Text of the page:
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US reportedly threw out 45 faulty Russian ventilators without using them

Respirator "Evita4" on an ICU (Blogotron/WikiCommons)

This article was originally published by Radio Free Europe/Radio Liberty and is reprinted with permission.

The U.S. Federal Emergency Management Agency (FEMA) has reportedly thrown away the 45 ventilators delivered by Russia at the height of the coronavirus pandemic without ever using them.

The Aventa-M ventilators were sent to the United States after President Donald Trump and his Russian counterpart, Vladimir Putin, discussed the shipment in a March 30 phone call.

FEMA told BuzzFeed News on October 18 that the ventilators have been scrapped, although it remains unclear when that happened.

“The donated ventilators in question were disposed of following strict hazardous waste disposal regulatory guidelines set by the U.S. General Services Administration (GSA) and the Environmental Protection Agency (EPA),” a FEMA spokesperson told BuzzFeed News.

The ventilators, which arrived in crates marked “From Russia With Love,” were part of a highly publicized exchange that would ultimately see Russia delivering a little more than $1 million worth of supplies to the United States in April, followed by American deliveries to Russia valued at $5.6 million over the following two months.

The ventilators arrived in New York City on April 1 and were rapidly distributed by FEMA locally and in New Jersey, without even receiving the U.S. Food and Drug Administration’s expedited Emergency Use Authorization (EUA) — an emergency protocol to allow ventilators to be distributed without the agency’s routine — and more time-consuming — approval process.

A day after the shipment’s arrival, Trump praised Putin and was asked about whether he feared it could be seen as a propaganda ploy.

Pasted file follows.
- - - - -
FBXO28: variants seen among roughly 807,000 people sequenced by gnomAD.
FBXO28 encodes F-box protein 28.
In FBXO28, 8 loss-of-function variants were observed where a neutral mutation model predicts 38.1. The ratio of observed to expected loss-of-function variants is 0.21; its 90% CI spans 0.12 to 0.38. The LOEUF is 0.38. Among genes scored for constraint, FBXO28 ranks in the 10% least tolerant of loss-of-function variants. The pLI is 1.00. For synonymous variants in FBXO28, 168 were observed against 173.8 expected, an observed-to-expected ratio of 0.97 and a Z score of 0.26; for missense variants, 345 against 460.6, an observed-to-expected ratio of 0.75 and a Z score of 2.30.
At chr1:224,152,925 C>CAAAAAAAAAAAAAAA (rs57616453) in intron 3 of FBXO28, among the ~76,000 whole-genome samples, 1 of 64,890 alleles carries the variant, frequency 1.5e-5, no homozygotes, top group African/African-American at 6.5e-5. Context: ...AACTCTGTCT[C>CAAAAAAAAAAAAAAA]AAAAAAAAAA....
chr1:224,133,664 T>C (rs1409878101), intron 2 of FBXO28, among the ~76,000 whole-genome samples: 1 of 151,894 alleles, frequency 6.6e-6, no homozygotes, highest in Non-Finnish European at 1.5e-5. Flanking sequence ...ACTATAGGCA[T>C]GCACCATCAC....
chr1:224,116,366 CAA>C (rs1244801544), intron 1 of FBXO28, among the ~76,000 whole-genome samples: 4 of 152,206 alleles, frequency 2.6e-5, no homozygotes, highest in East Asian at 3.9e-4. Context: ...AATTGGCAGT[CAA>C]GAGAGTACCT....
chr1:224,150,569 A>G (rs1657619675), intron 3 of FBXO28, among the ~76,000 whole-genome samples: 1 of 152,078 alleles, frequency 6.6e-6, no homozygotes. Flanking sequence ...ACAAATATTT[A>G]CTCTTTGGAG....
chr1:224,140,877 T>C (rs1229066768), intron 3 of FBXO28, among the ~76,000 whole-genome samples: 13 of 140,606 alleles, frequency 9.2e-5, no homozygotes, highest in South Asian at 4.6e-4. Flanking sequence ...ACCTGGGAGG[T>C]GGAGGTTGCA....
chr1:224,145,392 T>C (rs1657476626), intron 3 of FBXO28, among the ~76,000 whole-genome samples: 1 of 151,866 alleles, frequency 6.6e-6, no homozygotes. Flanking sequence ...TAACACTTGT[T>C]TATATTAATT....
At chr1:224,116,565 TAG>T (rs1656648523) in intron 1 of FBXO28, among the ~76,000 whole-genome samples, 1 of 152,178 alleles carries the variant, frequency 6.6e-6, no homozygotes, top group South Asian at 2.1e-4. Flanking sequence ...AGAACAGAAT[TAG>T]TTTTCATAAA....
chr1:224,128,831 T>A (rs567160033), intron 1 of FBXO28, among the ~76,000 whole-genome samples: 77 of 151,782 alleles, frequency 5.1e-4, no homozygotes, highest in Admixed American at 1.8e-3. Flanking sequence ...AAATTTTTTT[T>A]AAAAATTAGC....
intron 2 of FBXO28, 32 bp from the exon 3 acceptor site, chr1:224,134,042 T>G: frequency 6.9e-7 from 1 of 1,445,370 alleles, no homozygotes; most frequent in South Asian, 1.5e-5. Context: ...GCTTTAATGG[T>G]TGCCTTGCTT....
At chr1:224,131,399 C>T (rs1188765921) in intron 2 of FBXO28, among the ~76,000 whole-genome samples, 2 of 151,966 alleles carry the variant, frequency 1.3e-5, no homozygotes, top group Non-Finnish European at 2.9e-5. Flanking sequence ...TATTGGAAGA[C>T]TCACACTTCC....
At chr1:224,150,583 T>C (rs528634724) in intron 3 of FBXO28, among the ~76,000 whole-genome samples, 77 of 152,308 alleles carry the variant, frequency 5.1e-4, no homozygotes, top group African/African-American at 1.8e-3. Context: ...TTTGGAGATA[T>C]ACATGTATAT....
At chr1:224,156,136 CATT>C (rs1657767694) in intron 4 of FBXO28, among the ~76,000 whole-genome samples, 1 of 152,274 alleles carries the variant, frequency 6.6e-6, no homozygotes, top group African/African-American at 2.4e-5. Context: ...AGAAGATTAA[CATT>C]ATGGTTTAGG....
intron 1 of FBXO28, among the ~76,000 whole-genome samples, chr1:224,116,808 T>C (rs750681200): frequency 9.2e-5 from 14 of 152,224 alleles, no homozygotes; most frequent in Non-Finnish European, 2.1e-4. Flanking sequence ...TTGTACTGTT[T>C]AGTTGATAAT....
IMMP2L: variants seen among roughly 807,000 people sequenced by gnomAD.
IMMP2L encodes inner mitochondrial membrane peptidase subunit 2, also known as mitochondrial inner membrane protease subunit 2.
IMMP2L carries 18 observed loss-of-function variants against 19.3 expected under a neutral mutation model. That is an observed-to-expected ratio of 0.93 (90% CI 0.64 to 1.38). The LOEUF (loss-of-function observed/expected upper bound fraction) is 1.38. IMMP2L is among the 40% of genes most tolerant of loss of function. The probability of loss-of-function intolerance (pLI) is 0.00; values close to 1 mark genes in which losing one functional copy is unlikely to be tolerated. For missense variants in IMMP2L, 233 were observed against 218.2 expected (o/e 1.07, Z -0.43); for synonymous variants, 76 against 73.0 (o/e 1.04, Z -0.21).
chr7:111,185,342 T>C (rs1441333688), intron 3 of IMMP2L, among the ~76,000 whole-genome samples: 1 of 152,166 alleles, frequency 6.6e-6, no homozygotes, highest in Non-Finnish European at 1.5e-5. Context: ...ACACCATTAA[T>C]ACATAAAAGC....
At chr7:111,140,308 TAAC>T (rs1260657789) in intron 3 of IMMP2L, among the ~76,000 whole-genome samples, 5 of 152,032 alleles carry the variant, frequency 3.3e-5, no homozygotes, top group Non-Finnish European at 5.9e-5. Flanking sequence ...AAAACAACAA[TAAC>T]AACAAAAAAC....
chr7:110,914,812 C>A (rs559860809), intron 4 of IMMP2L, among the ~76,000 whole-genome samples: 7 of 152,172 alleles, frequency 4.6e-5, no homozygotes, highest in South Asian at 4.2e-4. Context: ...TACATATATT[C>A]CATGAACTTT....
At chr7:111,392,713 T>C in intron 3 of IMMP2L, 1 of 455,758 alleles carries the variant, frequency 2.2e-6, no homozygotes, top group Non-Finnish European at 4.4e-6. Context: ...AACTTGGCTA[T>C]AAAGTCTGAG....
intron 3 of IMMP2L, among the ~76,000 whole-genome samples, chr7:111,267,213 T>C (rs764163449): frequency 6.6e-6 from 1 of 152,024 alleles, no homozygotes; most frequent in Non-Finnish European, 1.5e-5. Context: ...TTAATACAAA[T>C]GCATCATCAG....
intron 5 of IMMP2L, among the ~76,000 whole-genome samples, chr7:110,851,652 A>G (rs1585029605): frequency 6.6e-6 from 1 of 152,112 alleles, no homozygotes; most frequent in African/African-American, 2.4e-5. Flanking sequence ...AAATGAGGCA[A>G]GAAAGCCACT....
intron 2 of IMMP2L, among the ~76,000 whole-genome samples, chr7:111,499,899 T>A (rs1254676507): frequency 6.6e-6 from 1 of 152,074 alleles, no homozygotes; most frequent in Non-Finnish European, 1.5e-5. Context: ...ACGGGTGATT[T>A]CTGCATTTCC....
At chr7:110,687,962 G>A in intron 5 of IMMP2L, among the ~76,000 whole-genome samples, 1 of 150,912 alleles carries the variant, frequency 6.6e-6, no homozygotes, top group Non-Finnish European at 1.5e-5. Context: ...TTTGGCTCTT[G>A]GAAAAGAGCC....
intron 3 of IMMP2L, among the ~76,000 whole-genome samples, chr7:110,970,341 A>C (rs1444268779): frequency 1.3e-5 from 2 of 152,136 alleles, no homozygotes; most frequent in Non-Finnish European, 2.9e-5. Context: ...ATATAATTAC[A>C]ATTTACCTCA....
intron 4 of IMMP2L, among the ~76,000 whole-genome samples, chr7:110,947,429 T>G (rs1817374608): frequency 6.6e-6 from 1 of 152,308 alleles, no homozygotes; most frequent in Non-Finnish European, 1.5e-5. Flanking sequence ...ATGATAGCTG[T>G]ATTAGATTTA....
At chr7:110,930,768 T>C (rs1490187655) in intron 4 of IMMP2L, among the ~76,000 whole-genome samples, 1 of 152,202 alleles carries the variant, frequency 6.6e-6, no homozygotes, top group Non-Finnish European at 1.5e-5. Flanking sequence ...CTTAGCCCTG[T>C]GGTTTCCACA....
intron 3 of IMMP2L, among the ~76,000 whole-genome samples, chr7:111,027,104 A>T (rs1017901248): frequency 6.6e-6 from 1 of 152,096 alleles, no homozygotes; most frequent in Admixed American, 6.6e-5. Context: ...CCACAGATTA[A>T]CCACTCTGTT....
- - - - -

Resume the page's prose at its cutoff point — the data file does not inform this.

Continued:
“I’m not concerned about Russia and propaganda, not even a little bit,” Trump told reporters at the White House on April 2. “There is a lot of medical, very high-quality stuff that I’ve accepted. It may save a lot of lives and I will take it every day.”

Furthermore, Trump himself, the Kremlin, and the U.S. State Department hailed the delivery as a rare example of collaboration between the two adversarial nations to fight a common enemy.

However, the ventilators presented problems from the very beginning.

The ventilators required an electrical voltage not compatible in the United States and could not be used without an adapter that hospitals did not have.

Several ventilators of the same models caught fire in Russian hospitals in May, causing six deaths and prompting the government to halt their manufacture.

Furthermore, the Russian maker of the devices, Ural Instrument Engineering Plant (UPZ), was under U.S. sanctions at the time of the shipment. That caused an uproar among congressional Democrats, who blasted the White House for receiving ventilators from a sanctioned company.

Democrats were also incensed at the difference in the cost and amount of medical aid provided by Russia to the United States — roughly $1 million — versus that delivered by Washington to Moscow in June, estimated at $5.6 million, including 200 ventilators.

The United States and Russia are among the countries with the highest number of coronavirus cases.

According to a tally by Johns Hopkins University, the United States has recorded 8,214,754 infections and 220,133 deaths — the highest number in the world — while Russia has the fourth-highest infection rate, with 1,406,667 registered cases and 24,205 fatalities.

However, Russia has been suspected of underreporting both the number of infections and deaths.